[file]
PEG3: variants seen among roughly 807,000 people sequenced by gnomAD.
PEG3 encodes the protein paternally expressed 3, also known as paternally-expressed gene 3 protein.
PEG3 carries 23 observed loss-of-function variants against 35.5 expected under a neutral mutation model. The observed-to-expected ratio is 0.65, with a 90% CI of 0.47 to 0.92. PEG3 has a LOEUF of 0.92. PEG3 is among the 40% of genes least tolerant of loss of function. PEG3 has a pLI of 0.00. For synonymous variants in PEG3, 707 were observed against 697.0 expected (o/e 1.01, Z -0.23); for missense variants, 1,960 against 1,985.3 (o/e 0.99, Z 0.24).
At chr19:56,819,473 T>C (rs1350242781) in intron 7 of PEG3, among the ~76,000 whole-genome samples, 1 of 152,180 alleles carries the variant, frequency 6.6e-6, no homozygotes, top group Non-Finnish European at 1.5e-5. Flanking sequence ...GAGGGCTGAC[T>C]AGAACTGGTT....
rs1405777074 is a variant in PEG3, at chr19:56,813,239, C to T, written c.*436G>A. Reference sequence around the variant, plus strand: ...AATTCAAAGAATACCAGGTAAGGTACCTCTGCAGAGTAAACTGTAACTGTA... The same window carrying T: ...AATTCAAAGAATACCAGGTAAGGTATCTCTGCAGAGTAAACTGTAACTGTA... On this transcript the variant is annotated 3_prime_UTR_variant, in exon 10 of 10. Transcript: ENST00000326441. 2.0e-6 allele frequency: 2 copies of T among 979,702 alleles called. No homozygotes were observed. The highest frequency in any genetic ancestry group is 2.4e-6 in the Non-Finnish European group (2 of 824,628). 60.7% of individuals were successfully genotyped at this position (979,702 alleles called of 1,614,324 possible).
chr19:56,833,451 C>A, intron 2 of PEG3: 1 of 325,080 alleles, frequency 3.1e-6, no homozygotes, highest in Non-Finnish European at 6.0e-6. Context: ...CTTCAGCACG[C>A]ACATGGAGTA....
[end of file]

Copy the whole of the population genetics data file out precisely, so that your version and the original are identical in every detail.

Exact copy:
PEG3: variants seen among roughly 807,000 people sequenced by gnomAD.
PEG3 encodes the protein paternally expressed 3, also known as paternally-expressed gene 3 protein.
PEG3 carries 23 observed loss-of-function variants against 35.5 expected under a neutral mutation model. The observed-to-expected ratio is 0.65, with a 90% CI of 0.47 to 0.92. PEG3 has a LOEUF of 0.92. PEG3 is among the 40% of genes least tolerant of loss of function. PEG3 has a pLI of 0.00. For synonymous variants in PEG3, 707 were observed against 697.0 expected (o/e 1.01, Z -0.23); for missense variants, 1,960 against 1,985.3 (o/e 0.99, Z 0.24).
At chr19:56,819,473 T>C (rs1350242781) in intron 7 of PEG3, among the ~76,000 whole-genome samples, 1 of 152,180 alleles carries the variant, frequency 6.6e-6, no homozygotes, top group Non-Finnish European at 1.5e-5. Flanking sequence ...GAGGGCTGAC[T>C]AGAACTGGTT....
rs1405777074 is a variant in PEG3, at chr19:56,813,239, C to T, written c.*436G>A. Reference sequence around the variant, plus strand: ...AATTCAAAGAATACCAGGTAAGGTACCTCTGCAGAGTAAACTGTAACTGTA... The same window carrying T: ...AATTCAAAGAATACCAGGTAAGGTATCTCTGCAGAGTAAACTGTAACTGTA... On this transcript the variant is annotated 3_prime_UTR_variant, in exon 10 of 10. Transcript: ENST00000326441. 2.0e-6 allele frequency: 2 copies of T among 979,702 alleles called. No homozygotes were observed. The highest frequency in any genetic ancestry group is 2.4e-6 in the Non-Finnish European group (2 of 824,628). 60.7% of individuals were successfully genotyped at this position (979,702 alleles called of 1,614,324 possible).
chr19:56,833,451 C>A, intron 2 of PEG3: 1 of 325,080 alleles, frequency 3.1e-6, no homozygotes, highest in Non-Finnish European at 6.0e-6. Context: ...CTTCAGCACG[C>A]ACATGGAGTA....